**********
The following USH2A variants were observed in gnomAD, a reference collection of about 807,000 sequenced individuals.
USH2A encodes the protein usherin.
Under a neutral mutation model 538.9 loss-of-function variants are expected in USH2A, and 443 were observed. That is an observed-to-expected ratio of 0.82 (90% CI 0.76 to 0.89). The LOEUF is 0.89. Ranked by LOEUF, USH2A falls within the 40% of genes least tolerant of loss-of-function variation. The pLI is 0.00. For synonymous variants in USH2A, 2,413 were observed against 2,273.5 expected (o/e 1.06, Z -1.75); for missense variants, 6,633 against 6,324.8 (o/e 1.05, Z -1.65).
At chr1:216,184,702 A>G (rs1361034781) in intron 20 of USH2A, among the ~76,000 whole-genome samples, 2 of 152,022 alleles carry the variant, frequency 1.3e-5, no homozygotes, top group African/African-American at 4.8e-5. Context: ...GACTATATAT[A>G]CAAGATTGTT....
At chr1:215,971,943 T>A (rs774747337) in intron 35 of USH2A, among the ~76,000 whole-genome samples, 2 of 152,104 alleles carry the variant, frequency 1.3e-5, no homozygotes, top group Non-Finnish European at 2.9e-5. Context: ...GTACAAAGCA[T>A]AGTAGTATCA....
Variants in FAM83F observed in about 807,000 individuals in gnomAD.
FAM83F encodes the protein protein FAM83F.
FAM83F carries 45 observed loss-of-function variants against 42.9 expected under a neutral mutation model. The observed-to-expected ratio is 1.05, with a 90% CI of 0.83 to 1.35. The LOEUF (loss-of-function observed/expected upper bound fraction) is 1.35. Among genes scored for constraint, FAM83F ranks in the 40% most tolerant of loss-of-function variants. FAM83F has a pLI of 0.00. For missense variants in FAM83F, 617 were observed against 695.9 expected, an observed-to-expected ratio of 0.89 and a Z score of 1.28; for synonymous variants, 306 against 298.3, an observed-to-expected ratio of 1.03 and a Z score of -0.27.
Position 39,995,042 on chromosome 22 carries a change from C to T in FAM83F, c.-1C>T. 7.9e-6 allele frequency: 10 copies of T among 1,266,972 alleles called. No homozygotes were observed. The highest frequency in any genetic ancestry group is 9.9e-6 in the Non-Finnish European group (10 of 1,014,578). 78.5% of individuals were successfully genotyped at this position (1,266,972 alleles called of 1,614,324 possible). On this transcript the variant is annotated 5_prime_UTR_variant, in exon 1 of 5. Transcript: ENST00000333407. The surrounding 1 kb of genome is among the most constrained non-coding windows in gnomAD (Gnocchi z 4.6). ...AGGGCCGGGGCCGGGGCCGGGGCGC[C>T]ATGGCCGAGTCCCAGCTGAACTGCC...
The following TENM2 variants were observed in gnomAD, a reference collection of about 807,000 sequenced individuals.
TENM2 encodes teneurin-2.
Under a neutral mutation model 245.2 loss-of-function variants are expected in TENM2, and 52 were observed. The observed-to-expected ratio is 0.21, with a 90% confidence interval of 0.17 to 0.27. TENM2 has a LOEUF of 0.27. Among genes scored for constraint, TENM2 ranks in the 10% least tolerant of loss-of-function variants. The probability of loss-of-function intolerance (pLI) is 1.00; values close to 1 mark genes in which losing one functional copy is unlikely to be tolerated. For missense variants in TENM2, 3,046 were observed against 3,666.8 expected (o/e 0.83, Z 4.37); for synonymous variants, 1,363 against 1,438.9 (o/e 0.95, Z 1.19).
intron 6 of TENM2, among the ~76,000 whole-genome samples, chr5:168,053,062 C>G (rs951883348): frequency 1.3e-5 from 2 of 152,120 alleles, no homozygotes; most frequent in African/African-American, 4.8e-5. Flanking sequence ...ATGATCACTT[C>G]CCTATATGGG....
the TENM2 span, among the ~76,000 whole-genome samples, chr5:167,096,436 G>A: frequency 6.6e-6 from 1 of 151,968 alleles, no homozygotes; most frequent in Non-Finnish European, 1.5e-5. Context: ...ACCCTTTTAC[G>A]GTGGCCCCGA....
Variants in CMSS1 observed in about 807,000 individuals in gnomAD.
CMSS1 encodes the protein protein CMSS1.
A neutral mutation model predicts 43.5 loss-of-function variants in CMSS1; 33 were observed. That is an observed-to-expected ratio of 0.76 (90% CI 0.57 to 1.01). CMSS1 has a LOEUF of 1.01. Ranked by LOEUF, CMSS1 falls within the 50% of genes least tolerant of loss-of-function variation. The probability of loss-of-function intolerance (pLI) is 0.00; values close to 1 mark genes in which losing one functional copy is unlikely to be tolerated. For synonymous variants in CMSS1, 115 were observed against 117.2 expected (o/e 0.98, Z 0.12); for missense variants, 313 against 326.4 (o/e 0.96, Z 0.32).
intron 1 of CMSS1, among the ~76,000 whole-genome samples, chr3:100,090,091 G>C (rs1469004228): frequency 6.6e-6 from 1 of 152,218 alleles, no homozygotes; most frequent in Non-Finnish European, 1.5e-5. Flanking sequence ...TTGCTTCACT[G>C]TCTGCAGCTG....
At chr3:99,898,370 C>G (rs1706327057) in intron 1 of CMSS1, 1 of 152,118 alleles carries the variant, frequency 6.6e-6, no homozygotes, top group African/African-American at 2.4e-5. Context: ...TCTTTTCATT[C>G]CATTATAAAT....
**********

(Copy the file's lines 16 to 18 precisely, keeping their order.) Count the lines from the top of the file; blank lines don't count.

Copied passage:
CMSS1 encodes the protein protein CMSS1.
A neutral mutation model predicts 43.5 loss-of-function variants in CMSS1; 33 were observed. That is an observed-to-expected ratio of 0.76 (90% CI 0.57 to 1.01). CMSS1 has a LOEUF of 1.01. Ranked by LOEUF, CMSS1 falls within the 50% of genes least tolerant of loss-of-function variation. The probability of loss-of-function intolerance (pLI) is 0.00; values close to 1 mark genes in which losing one functional copy is unlikely to be tolerated. For synonymous variants in CMSS1, 115 were observed against 117.2 expected (o/e 0.98, Z 0.12); for missense variants, 313 against 326.4 (o/e 0.96, Z 0.32).
intron 1 of CMSS1, among the ~76,000 whole-genome samples, chr3:100,090,091 G>C (rs1469004228): frequency 6.6e-6 from 1 of 152,218 alleles, no homozygotes; most frequent in Non-Finnish European, 1.5e-5. Flanking sequence ...TTGCTTCACT[G>C]TCTGCAGCTG....